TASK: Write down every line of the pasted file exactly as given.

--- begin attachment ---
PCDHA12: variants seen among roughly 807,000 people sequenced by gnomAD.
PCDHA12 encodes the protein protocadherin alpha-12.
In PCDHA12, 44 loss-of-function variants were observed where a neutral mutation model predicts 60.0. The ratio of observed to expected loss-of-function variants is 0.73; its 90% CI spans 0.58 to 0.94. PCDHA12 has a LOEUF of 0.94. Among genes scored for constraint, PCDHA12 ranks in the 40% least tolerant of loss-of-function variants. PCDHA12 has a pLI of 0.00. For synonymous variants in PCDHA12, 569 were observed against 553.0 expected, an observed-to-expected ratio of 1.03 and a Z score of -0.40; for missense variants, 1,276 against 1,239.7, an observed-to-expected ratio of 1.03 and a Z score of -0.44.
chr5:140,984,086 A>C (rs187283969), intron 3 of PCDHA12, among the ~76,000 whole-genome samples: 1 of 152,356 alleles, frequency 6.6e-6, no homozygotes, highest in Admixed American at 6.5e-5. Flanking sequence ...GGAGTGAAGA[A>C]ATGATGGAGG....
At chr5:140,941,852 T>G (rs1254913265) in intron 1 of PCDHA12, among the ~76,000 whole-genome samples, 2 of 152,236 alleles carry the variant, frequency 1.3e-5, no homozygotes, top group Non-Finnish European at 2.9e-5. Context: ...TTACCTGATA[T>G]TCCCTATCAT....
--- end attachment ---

PCDHA12: variants seen among roughly 807,000 people sequenced by gnomAD.
PCDHA12 encodes the protein protocadherin alpha-12.
In PCDHA12, 44 loss-of-function variants were observed where a neutral mutation model predicts 60.0. The ratio of observed to expected loss-of-function variants is 0.73; its 90% CI spans 0.58 to 0.94. PCDHA12 has a LOEUF of 0.94. Among genes scored for constraint, PCDHA12 ranks in the 40% least tolerant of loss-of-function variants. PCDHA12 has a pLI of 0.00. For synonymous variants in PCDHA12, 569 were observed against 553.0 expected, an observed-to-expected ratio of 1.03 and a Z score of -0.40; for missense variants, 1,276 against 1,239.7, an observed-to-expected ratio of 1.03 and a Z score of -0.44.
chr5:140,984,086 A>C (rs187283969), intron 3 of PCDHA12, among the ~76,000 whole-genome samples: 1 of 152,356 alleles, frequency 6.6e-6, no homozygotes, highest in Admixed American at 6.5e-5. Flanking sequence ...GGAGTGAAGA[A>C]ATGATGGAGG....
At chr5:140,941,852 T>G (rs1254913265) in intron 1 of PCDHA12, among the ~76,000 whole-genome samples, 2 of 152,236 alleles carry the variant, frequency 1.3e-5, no homozygotes, top group Non-Finnish European at 2.9e-5. Context: ...TTACCTGATA[T>G]TCCCTATCAT....